What to do About Jesus?

 

Trigger Warning! I refer to a picture of Jesus as” Jesus”. I mean no disrespect to any faith. This is not a religious post.

As long as I remember, my parents had a gilt-framed portrait of Jesus hanging in their bedroom. He came with them from Ohio to California in retirement, and moved with them to two different Assisted Living residences.

When they died, I inherited Jesus.

But this is not about faith, or religion or even about Jesus. It is about the crossroads we face with the clutter in our own lives and the clutter we inherit.

Now – how can I refer to Jesus as “clutter”? I’m not. It really is the picture of Jesus, but in our family, we came to call the picture…Jesus. It has been comforting, really. It reminds me of the faith of my parents, the faith in which they raised me, and the faith and spirituality I passed along to my children.

But back to clutter. I read an article about clutter this morning. It was very clear that clutter in our homes can lead to clutter and disorganization in our minds as well. One point was that, if we leave clutter behind, then we are leaving it for our children to handle.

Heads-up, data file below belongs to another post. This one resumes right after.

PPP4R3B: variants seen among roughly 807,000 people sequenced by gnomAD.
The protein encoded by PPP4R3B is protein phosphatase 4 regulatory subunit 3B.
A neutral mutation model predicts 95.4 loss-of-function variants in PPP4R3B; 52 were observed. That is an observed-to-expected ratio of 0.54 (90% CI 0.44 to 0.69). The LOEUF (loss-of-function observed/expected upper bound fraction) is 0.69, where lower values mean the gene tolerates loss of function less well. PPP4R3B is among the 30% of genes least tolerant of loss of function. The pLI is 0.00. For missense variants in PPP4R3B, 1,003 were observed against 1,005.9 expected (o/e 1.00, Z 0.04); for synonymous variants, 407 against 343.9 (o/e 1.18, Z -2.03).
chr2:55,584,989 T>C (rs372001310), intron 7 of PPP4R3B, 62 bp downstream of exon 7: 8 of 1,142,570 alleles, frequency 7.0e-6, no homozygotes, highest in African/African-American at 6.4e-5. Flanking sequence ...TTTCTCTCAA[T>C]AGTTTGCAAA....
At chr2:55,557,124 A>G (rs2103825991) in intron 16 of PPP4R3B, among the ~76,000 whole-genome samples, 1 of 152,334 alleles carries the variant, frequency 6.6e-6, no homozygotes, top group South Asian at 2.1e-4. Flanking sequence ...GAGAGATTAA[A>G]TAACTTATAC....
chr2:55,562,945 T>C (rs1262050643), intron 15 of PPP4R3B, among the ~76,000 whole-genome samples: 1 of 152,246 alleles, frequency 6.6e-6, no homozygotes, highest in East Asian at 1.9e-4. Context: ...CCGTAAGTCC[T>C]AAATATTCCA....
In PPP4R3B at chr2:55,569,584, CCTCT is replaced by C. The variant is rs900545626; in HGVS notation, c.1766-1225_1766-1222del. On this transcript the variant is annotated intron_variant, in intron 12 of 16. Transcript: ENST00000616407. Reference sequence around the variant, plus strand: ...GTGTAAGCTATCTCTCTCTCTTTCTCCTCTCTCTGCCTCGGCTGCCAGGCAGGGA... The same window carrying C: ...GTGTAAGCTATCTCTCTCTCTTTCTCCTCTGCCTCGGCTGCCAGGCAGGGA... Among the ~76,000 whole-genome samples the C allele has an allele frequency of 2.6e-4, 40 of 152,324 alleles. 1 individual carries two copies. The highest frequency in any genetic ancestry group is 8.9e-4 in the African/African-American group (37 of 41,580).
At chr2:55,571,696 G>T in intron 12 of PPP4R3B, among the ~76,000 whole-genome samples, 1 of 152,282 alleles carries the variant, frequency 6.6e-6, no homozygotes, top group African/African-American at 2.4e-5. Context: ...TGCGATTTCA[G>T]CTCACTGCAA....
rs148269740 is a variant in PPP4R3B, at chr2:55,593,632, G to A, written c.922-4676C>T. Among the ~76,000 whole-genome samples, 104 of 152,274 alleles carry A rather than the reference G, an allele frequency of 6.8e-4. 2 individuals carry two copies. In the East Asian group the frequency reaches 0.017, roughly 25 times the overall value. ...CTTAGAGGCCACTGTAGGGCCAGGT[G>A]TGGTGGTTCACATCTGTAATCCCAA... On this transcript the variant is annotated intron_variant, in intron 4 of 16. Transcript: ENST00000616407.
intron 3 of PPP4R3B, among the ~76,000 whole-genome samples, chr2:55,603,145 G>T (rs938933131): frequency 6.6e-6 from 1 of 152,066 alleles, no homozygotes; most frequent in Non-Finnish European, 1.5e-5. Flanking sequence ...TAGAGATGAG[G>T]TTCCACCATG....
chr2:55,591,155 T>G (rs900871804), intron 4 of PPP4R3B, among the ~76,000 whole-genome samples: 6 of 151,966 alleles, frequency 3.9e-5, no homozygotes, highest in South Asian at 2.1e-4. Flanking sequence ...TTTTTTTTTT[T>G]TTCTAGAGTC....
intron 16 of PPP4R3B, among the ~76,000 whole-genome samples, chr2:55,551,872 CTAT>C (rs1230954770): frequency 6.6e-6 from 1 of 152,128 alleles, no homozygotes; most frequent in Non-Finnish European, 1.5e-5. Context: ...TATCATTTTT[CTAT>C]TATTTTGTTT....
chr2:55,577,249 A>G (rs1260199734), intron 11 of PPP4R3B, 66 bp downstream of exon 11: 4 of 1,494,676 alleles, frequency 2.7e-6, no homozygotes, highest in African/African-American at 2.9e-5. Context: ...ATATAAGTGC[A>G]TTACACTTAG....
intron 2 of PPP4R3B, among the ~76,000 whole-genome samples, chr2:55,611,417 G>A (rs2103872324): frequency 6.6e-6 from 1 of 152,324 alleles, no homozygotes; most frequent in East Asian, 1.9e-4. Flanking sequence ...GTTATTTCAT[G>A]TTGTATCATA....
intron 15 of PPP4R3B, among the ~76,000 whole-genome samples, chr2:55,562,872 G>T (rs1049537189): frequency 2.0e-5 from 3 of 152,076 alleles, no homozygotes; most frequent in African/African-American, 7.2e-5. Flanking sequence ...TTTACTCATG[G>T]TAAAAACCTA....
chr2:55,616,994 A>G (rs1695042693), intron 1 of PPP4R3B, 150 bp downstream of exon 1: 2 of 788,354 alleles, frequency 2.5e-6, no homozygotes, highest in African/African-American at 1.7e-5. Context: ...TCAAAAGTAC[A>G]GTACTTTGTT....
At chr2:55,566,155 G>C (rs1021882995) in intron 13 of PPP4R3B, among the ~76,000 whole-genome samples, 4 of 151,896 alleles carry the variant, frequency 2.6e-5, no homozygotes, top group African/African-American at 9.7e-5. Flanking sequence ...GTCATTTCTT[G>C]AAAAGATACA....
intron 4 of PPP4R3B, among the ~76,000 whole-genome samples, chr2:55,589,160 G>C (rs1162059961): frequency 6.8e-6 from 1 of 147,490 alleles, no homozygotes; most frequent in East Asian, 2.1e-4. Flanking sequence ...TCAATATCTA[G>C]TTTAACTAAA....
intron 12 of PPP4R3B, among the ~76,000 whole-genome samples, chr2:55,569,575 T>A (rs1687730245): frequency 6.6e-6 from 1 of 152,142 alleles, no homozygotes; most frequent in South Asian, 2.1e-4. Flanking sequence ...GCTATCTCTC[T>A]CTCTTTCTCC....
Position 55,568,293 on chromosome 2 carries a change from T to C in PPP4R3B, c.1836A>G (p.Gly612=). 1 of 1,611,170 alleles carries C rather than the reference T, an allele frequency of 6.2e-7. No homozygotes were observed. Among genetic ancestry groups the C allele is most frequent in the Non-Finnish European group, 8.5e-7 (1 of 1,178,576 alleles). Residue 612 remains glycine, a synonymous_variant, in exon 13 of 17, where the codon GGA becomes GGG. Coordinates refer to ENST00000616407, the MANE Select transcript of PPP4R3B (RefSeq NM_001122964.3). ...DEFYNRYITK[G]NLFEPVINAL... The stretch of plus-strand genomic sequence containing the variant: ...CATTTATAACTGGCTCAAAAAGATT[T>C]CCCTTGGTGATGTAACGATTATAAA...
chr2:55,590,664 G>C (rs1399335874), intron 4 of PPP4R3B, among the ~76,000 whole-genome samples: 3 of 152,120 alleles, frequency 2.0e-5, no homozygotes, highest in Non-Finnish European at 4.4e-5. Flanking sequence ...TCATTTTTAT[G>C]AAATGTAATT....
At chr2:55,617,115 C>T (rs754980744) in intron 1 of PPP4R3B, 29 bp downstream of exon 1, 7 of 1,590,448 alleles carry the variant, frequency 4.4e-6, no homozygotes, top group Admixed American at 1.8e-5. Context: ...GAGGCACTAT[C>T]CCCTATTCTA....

This happened to me, which brings me back to Jesus. I inherited Jesus and a lot of other memorabilia, art, keepsakes, photographs, and documents. There was a ton of stuff to go through. My siblings live out of state, so they didn’t take much except valuables. And I get that!  It’s difficult and expensive to ship a box of stuff to sift through across the country.  They told me to simply throw things away.

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Elder Orphans

silhouette of family with kids walk on sunset tropical beach

The other day I visited with a family friend who was having several helpers sort through a lot of old stuff – cleaning out. Her husband had died about a year ago, and she was finally ready to clean out a lot of the rooms in her home. Her daughter and a couple of grandchildren were there with her, along with some other family to help her through the process.

As I talked with several of the family members, I was struck with how worried they were about her. She now had a huge, empty house, she was getting on in years herself, and had recently made the decision to stop driving, which gave them enormous comfort, but also laid a new burden in their laps, as well.

Watching our loved ones grow old is very difficult. Often I hear people talk about how they now have to “parent” their parents. It certainly is a viable analogy, but I think it is not quite right. Is it that we become “parents” to our parents when they need us more, or are we really just morphing into another type of relationship – one that so far does not really have a name?

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